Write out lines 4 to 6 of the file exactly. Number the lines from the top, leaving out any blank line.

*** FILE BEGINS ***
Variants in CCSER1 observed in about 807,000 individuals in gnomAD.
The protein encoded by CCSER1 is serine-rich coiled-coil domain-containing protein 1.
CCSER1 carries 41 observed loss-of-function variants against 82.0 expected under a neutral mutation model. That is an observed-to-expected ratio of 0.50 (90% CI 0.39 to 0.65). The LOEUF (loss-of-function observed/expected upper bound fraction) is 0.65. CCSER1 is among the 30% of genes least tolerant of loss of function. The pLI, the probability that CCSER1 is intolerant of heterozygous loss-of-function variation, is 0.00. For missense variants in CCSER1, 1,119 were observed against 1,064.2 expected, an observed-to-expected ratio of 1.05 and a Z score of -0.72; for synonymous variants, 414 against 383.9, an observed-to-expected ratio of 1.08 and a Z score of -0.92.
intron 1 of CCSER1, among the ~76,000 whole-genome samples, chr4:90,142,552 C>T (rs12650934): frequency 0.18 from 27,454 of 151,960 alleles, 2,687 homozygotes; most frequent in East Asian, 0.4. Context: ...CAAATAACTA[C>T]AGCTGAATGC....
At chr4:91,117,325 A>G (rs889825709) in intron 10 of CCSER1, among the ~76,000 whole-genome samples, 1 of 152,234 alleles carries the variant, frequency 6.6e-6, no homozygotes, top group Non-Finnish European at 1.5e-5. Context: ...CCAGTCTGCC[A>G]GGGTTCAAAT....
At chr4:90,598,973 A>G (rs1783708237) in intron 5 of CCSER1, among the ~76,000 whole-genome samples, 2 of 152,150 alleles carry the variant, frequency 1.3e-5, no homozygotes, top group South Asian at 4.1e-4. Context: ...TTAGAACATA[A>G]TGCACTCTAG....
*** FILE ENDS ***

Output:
intron 1 of CCSER1, among the ~76,000 whole-genome samples, chr4:90,142,552 C>T (rs12650934): frequency 0.18 from 27,454 of 151,960 alleles, 2,687 homozygotes; most frequent in East Asian, 0.4. Context: ...CAAATAACTA[C>T]AGCTGAATGC....
At chr4:91,117,325 A>G (rs889825709) in intron 10 of CCSER1, among the ~76,000 whole-genome samples, 1 of 152,234 alleles carries the variant, frequency 6.6e-6, no homozygotes, top group Non-Finnish European at 1.5e-5. Context: ...CCAGTCTGCC[A>G]GGGTTCAAAT....
At chr4:90,598,973 A>G (rs1783708237) in intron 5 of CCSER1, among the ~76,000 whole-genome samples, 2 of 152,150 alleles carry the variant, frequency 1.3e-5, no homozygotes, top group South Asian at 4.1e-4. Context: ...TTAGAACATA[A>G]TGCACTCTAG....